Institutions and organization

When it comes to the police, we think first and foremost of "institution", namely a body organized into specific units or services, bringing together a certain number of members. Most of the time, they wear a uniform so that they can be identified and their rights and duties are governed by law, clarified by a more or less extensive regulatory framework. The bodies thus exercise determined functions in a specific territory..

The institutional approach is essential for the police historian. It is even a prerequisite for any research mobilizing or carrying the police object. It is indeed necessary to understand the "rules of the game": it comes down to knowing the face theoretical fonts at any given time, to then understand the real practices – and the inevitable adaptations that result. In this context, there are many points of attention: they touch the organization, to structures, the staffing and regulatory missions of police units. They also affect the hierarchical control of these. Finally, attention is focused on the articulation between the different police forces active in a territory, to see how each other's skills and missions are complementary or competing. This amounts to questioning the notion of a police system, defined as the assembly of different active policies at a given time in a territory. To finish, the researcher will be interested in the causes explaining the face of the police at a given time. This is a reflection of society, and in particular of his fears in the face of "risks" or "insecurity" factors. In this way, it is an analytical grid resulting in particular from police sociology that must be applied both to each police institution, but also to the systems where they evolve, to characterize them in terms of local or national presence; of civil or military identity; general or specialized missions.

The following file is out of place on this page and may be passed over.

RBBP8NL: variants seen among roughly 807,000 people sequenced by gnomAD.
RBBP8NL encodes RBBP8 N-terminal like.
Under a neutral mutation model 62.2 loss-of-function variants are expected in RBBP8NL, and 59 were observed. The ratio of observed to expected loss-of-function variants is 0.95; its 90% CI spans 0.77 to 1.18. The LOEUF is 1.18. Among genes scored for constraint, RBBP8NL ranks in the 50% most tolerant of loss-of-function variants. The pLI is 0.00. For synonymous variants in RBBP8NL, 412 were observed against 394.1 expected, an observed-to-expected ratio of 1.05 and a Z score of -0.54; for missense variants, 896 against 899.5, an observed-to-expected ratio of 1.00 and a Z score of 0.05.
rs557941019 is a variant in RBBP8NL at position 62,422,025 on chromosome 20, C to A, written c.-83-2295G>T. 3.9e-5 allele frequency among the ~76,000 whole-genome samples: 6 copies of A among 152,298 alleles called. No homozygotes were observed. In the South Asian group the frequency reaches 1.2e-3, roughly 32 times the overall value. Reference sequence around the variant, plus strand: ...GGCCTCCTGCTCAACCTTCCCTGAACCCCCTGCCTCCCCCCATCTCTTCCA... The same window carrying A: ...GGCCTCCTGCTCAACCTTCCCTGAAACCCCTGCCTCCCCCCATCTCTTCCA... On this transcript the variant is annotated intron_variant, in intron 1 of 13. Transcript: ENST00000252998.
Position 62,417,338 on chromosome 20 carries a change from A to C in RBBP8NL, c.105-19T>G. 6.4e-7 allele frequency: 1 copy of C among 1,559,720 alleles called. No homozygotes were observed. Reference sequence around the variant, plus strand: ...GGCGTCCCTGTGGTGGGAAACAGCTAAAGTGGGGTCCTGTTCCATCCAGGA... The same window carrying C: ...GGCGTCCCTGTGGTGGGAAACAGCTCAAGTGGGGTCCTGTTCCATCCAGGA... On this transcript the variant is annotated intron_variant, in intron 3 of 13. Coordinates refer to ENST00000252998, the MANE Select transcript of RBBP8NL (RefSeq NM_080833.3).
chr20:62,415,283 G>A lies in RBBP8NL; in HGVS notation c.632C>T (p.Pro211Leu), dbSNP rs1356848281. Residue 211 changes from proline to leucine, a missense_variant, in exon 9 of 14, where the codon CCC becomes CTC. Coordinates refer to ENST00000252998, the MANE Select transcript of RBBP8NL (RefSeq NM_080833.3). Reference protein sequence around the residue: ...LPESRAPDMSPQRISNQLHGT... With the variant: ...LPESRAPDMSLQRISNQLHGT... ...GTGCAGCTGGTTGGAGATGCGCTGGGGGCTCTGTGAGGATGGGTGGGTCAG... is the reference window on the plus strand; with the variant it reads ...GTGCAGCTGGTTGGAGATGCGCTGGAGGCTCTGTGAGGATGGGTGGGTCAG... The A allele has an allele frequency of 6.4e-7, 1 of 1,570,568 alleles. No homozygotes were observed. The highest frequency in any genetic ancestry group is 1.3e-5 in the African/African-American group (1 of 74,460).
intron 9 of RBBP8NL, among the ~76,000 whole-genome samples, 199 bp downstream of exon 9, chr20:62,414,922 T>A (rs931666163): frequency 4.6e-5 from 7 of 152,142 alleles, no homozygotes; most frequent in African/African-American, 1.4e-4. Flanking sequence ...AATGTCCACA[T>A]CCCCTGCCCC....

This sole process of knowing the "face" and "cadre" of the police is largely insufficient.. On the one hand, the researcher must be aware that the institutional approach only offers a partial and limited vision of the complexity of the police thing. It does not provide an in-depth understanding of the realities of police practices and the human aspect that underlies them.. Police practices are certainly framed by structures and rules, but they also depend on a multitude of complementary factors, including the demands of the populations or the priorities/possibilities of the police. Above all, the only institutional vision erases the historicity of the police. In particular, it suggests the police as something that evolves only by the rules, while the reality is much more nuanced. For various reasons, the rule may not or no longer be applied. On the contrary, it can reflect the acceptance of a practice or an organizational logic already at work. Finally, the rule can also be abused either for ease, or for political reasons (wars, political transitions, economic crises, etc.)